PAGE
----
Grammy Awards: Here's A Preview Before Tonight's Show
LAKSHMI SINGH, HOST:
The Grammys are tonight, and this one features a showdown between two record-breaking artists. NPR music editor Stephen Thompson has the inside scoop on what we can expect at the 59th Annual Grammy Awards in Los Angeles. Welcome, Stephen.
STEPHEN THOMPSON, BYLINE: Hello, Lakshmi.
SINGH: Let's get right into it. We have rivalries. I don't know if that's fair to say - rivalries - Album of the Year, Song of the Year - they're big ones. We have Queen Bee versus Adele - battle of the juggernauts so what are you expecting from this one?
THOMPSON: Yeah. I think it's certainly possible, and many Grammy Awards telecasts sort of turn out this way where one artist kind of runs the table and kind of takes away the headline for having won the most awards - maybe wins Album of Year and Song of the Year and Record of the Year.
And I think it's certainly possible that that could happen with Adele as has happened in the past or with somebody like Beyonce whose "Lemonade" was probably the most critically acclaimed record of last year, in addition to being very commercially successful. And you've also got artists like Drake and Justin Bieber. All four of the people I just mentioned are nominated for Album of the Year.
SINGH: Now, why are you giggling here?
THOMPSON: I just - Justin Bieber had a bunch of hits this year, and, you know, remember a few years ago like he was up for Best New Artist and didn't win? And I think the Grammys were really afraid of maybe anointing Justin Bieber as like a legitimate performer like too soon. Now this is the anointment of Justin Bieber as an actual like serious performer.
SINGH: OK. Well, let's launch into Song of the Year. Can we play a few of the nominees here? We have a few songs in the mix that we've talked about on this program including Beyonce's "Formation."
(SOUNDBITE OF SONG, "FORMATION")
BEYONCE: (Singing) You mix that negro with that Creole, make a Texas bama. I like my baby hair with baby hair and afros. I like my negro nose with Jackson Five nostrils. Earned all this money, but they never take the country out me. I got hot sauce in my bag, swag.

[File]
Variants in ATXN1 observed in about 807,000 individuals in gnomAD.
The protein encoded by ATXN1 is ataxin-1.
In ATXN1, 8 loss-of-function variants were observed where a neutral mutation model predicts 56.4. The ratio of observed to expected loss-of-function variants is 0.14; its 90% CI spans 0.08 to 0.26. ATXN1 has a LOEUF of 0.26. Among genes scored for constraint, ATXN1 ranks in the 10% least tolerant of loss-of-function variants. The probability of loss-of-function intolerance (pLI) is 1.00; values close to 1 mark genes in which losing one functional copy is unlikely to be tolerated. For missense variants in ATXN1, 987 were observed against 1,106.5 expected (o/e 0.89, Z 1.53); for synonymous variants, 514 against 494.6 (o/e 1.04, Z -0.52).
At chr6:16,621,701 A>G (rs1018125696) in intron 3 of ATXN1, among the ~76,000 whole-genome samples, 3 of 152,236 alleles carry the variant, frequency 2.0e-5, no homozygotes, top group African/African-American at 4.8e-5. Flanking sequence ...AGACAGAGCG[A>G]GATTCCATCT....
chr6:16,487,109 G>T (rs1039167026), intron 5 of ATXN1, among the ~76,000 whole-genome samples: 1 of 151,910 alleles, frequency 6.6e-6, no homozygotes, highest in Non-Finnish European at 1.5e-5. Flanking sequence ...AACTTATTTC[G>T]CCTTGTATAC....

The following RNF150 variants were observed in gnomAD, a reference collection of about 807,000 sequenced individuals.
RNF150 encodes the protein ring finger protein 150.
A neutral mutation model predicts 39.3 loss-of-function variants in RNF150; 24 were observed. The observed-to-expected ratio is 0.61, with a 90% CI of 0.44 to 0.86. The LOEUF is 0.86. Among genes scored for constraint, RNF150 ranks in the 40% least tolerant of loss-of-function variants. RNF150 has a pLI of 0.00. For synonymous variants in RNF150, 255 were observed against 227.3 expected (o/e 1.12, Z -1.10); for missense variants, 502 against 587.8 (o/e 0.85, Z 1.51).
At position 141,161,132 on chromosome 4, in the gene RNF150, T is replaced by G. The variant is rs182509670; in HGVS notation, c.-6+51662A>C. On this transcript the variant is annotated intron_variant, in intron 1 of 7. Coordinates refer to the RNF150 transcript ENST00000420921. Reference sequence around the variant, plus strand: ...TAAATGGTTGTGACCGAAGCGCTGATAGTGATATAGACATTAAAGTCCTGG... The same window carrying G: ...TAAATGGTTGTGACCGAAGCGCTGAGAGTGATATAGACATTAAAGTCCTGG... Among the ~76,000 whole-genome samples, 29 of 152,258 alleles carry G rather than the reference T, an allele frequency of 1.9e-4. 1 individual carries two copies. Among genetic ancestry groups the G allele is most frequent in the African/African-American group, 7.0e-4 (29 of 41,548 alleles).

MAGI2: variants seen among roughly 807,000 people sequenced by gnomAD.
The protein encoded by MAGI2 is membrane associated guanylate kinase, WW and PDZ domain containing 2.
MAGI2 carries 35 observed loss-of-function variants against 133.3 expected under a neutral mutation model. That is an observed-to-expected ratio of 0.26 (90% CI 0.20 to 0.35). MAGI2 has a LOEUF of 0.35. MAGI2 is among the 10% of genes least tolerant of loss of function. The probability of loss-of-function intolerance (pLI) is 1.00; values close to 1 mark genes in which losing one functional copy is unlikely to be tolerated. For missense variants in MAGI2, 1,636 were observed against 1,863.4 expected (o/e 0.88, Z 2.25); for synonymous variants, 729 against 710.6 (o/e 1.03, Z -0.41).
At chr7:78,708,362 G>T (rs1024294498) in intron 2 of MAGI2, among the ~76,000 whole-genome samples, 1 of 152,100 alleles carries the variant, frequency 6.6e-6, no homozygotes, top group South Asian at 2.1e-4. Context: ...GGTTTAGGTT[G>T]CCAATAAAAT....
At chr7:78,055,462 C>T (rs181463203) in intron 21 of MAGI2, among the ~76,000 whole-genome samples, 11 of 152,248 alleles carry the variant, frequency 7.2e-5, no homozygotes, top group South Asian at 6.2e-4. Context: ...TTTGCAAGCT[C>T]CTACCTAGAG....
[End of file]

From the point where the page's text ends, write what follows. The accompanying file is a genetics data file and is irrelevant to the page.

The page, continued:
SINGH: And how about in case you haven't heard this one and you're new to this - this little song by Adele?
(SOUNDBITE OF SONG, "HELLO")
ADELE: (Singing) Hello from the other side. I must've called a thousand times to tell you I'm sorry for everything that I've done...
SINGH: Oh, my God, Stephen. How many people do you think at home are going to secretly sort of mouth the words to it and sway on the couch the way that it's actually...
THOMPSON: Are currently swaying to it as we speak. Didn't - is it just me or does that song feel like it came out five years ago?
SINGH: And that's because it had been played over and over and everywhere and - but it's true. It felt like it came out several years ago, not just recently.
THOMPSON: One of the things with the Grammys - their eligibility period is not the calendar year. And so you'll get these records like the Adele record which actually came out in November of 2015. And by the time the Grammys roll around in February of 2017, we've had like almost a year and a half of the very rapidly changing currents of music to sweep us along. And so there'll be rewarding these records that feel like they came out forever ago.
SINGH: All right. So for Album of the Year, you mention two of these heavy-hitters. Can you talk about another one?
THOMPSON: Well, you have your Beyonce and your Adele and your Drake and your Justin Bieber. But the fifth nominee is a dark horse. His name is Sturgill Simpson, and he's - I would describe him as sort of a psychedelic country singer in a way.
(SOUNDBITE OF SONG, "BRACE FOR IMPACT")
STURGILL SIMPSON: (Singing) So go and live a little. Bone turns brittle and skin withers before your eyes.
THOMPSON: He's not really been embraced by the Nashville establishment. And so it was pretty surprising when this album popped in. And this past week, I actually wrote an article for NPR Music that basically you have these four pop juggernauts all cannibalizing each other's voting blocks, and a lot of Grammy voters are rockers, you know, like music with guitars in it. And there have been kind of past precedent for an unexpected rock record to beat out a bunch of pop records, but don't be shocked if it happens.
SINGH: That was NPR music editor Stephen Thompson. Stephen, thank you.
THOMPSON: Thank you, Lakshmi.
(SOUNDBITE OF SONG, "BRACE FOR IMPACT")
SIMPSON: (Singing) From someone above, for something they did...
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